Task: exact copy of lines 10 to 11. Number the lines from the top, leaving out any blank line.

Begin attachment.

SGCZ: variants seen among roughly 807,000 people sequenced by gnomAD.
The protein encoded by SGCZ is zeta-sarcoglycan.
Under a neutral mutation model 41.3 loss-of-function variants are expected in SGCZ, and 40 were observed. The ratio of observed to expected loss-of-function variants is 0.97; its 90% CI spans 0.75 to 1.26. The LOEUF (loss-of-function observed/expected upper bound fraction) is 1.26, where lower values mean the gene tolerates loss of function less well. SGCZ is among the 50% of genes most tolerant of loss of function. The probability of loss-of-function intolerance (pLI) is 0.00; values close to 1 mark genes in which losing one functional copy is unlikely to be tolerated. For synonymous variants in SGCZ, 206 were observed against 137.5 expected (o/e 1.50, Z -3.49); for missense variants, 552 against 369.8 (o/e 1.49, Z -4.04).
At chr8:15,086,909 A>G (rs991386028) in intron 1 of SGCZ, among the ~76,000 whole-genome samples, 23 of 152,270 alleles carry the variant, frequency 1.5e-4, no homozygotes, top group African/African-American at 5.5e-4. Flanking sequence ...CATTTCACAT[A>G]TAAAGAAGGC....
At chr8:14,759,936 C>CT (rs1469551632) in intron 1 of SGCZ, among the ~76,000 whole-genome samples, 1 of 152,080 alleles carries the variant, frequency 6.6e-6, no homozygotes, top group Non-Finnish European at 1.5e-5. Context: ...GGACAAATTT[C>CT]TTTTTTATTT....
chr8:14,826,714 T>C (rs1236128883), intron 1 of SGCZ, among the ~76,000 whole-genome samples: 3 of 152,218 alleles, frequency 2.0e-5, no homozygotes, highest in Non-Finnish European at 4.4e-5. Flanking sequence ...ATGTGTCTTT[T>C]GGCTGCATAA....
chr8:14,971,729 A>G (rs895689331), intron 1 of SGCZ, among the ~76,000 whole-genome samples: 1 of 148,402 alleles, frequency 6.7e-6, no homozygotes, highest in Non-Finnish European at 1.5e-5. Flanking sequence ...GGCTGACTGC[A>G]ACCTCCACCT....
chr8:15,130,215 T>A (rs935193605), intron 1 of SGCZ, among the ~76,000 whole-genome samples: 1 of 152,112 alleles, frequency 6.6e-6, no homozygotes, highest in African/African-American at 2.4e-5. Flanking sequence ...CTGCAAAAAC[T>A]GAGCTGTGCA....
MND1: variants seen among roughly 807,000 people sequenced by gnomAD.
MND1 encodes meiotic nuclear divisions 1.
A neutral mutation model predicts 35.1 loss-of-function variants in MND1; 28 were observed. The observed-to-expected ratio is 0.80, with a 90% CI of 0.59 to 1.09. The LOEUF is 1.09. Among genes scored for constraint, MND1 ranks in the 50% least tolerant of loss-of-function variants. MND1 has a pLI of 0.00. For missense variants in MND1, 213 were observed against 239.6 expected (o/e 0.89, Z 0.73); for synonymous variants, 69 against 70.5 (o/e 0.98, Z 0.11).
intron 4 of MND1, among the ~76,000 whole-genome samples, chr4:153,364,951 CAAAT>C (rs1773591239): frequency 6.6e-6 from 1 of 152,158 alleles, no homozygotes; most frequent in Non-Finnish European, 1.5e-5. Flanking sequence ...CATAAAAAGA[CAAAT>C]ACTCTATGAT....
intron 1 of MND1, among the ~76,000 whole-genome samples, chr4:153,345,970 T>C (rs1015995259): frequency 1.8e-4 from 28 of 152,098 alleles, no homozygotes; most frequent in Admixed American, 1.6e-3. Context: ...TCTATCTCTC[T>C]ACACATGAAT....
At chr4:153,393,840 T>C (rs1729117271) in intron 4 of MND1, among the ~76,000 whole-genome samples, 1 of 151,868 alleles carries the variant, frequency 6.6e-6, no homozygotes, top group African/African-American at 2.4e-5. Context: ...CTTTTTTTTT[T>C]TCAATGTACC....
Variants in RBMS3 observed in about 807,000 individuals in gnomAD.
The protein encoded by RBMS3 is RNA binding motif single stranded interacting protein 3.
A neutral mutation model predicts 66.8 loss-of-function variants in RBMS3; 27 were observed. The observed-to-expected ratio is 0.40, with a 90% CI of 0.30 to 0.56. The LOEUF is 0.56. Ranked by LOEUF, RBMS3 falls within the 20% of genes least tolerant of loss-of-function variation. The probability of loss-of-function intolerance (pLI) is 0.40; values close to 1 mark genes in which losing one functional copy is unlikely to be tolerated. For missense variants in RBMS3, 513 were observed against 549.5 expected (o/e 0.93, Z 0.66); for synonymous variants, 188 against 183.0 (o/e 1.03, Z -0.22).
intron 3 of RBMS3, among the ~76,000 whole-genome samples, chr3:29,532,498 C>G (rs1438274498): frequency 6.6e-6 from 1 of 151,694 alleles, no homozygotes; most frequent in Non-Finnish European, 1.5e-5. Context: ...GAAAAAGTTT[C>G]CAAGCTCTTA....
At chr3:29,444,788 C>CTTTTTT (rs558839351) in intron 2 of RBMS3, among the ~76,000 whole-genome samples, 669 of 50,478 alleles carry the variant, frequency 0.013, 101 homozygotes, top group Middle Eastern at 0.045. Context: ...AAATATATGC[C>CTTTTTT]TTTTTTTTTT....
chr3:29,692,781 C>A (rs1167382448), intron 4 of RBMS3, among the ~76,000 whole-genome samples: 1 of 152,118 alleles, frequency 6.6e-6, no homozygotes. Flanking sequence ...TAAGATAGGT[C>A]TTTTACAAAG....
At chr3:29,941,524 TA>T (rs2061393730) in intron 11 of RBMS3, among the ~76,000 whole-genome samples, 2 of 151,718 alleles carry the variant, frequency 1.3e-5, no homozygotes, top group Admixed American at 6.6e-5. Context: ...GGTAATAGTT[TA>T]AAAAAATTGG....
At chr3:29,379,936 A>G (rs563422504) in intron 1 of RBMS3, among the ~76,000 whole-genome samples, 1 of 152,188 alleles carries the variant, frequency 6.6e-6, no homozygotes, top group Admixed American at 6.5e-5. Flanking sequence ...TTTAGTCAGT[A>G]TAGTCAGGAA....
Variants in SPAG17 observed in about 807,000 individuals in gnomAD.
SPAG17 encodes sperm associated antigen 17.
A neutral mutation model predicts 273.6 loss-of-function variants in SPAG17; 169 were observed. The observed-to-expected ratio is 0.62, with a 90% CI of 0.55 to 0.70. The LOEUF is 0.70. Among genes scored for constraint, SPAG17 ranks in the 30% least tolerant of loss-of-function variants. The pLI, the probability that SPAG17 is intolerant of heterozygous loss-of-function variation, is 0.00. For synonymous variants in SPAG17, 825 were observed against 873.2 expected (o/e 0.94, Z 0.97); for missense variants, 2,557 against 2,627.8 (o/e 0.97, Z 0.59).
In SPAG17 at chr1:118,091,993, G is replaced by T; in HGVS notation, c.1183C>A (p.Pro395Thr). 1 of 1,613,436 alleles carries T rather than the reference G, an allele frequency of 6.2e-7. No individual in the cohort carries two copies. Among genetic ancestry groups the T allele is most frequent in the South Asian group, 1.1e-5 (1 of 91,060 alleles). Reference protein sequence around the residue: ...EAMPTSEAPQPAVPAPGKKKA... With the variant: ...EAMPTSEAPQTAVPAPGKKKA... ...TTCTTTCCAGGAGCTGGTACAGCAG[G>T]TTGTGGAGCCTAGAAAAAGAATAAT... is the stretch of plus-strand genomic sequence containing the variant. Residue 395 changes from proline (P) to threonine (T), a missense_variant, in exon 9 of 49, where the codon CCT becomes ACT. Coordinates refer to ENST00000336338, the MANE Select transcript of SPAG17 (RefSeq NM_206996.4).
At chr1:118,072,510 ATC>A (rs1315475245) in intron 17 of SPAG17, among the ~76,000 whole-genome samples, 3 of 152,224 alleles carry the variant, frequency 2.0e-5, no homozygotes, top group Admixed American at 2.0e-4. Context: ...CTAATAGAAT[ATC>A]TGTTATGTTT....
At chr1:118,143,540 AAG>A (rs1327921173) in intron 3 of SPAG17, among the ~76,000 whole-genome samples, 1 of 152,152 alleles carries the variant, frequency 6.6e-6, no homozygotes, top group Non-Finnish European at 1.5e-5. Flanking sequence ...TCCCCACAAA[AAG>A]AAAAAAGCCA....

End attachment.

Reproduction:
MND1 encodes meiotic nuclear divisions 1.
A neutral mutation model predicts 35.1 loss-of-function variants in MND1; 28 were observed. The observed-to-expected ratio is 0.80, with a 90% CI of 0.59 to 1.09. The LOEUF is 1.09. Among genes scored for constraint, MND1 ranks in the 50% least tolerant of loss-of-function variants. MND1 has a pLI of 0.00. For missense variants in MND1, 213 were observed against 239.6 expected (o/e 0.89, Z 0.73); for synonymous variants, 69 against 70.5 (o/e 0.98, Z 0.11).